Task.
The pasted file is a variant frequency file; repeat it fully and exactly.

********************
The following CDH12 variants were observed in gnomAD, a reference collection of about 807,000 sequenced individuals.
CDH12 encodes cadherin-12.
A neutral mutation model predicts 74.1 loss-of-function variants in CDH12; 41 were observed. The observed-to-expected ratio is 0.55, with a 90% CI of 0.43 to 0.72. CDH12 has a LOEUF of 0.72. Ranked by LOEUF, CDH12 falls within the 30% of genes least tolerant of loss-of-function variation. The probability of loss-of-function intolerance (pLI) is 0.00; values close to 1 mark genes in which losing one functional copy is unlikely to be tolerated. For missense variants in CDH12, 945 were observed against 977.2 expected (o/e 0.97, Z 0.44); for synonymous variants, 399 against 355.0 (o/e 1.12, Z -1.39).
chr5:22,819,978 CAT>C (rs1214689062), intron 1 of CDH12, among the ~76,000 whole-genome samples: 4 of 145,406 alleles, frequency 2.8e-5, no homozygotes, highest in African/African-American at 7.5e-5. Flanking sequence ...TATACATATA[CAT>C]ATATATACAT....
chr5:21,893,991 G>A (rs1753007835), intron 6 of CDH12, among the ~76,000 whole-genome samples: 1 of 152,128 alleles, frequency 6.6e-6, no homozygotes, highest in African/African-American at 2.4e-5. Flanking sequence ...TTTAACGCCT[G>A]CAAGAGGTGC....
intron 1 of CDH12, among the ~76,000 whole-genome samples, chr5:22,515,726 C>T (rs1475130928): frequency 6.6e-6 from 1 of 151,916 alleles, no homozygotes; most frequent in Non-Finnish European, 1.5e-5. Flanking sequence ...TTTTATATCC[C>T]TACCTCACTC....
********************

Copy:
The following CDH12 variants were observed in gnomAD, a reference collection of about 807,000 sequenced individuals.
CDH12 encodes cadherin-12.
A neutral mutation model predicts 74.1 loss-of-function variants in CDH12; 41 were observed. The observed-to-expected ratio is 0.55, with a 90% CI of 0.43 to 0.72. CDH12 has a LOEUF of 0.72. Ranked by LOEUF, CDH12 falls within the 30% of genes least tolerant of loss-of-function variation. The probability of loss-of-function intolerance (pLI) is 0.00; values close to 1 mark genes in which losing one functional copy is unlikely to be tolerated. For missense variants in CDH12, 945 were observed against 977.2 expected (o/e 0.97, Z 0.44); for synonymous variants, 399 against 355.0 (o/e 1.12, Z -1.39).
chr5:22,819,978 CAT>C (rs1214689062), intron 1 of CDH12, among the ~76,000 whole-genome samples: 4 of 145,406 alleles, frequency 2.8e-5, no homozygotes, highest in African/African-American at 7.5e-5. Flanking sequence ...TATACATATA[CAT>C]ATATATACAT....
chr5:21,893,991 G>A (rs1753007835), intron 6 of CDH12, among the ~76,000 whole-genome samples: 1 of 152,128 alleles, frequency 6.6e-6, no homozygotes, highest in African/African-American at 2.4e-5. Flanking sequence ...TTTAACGCCT[G>A]CAAGAGGTGC....
intron 1 of CDH12, among the ~76,000 whole-genome samples, chr5:22,515,726 C>T (rs1475130928): frequency 6.6e-6 from 1 of 151,916 alleles, no homozygotes; most frequent in Non-Finnish European, 1.5e-5. Flanking sequence ...TTTTATATCC[C>T]TACCTCACTC....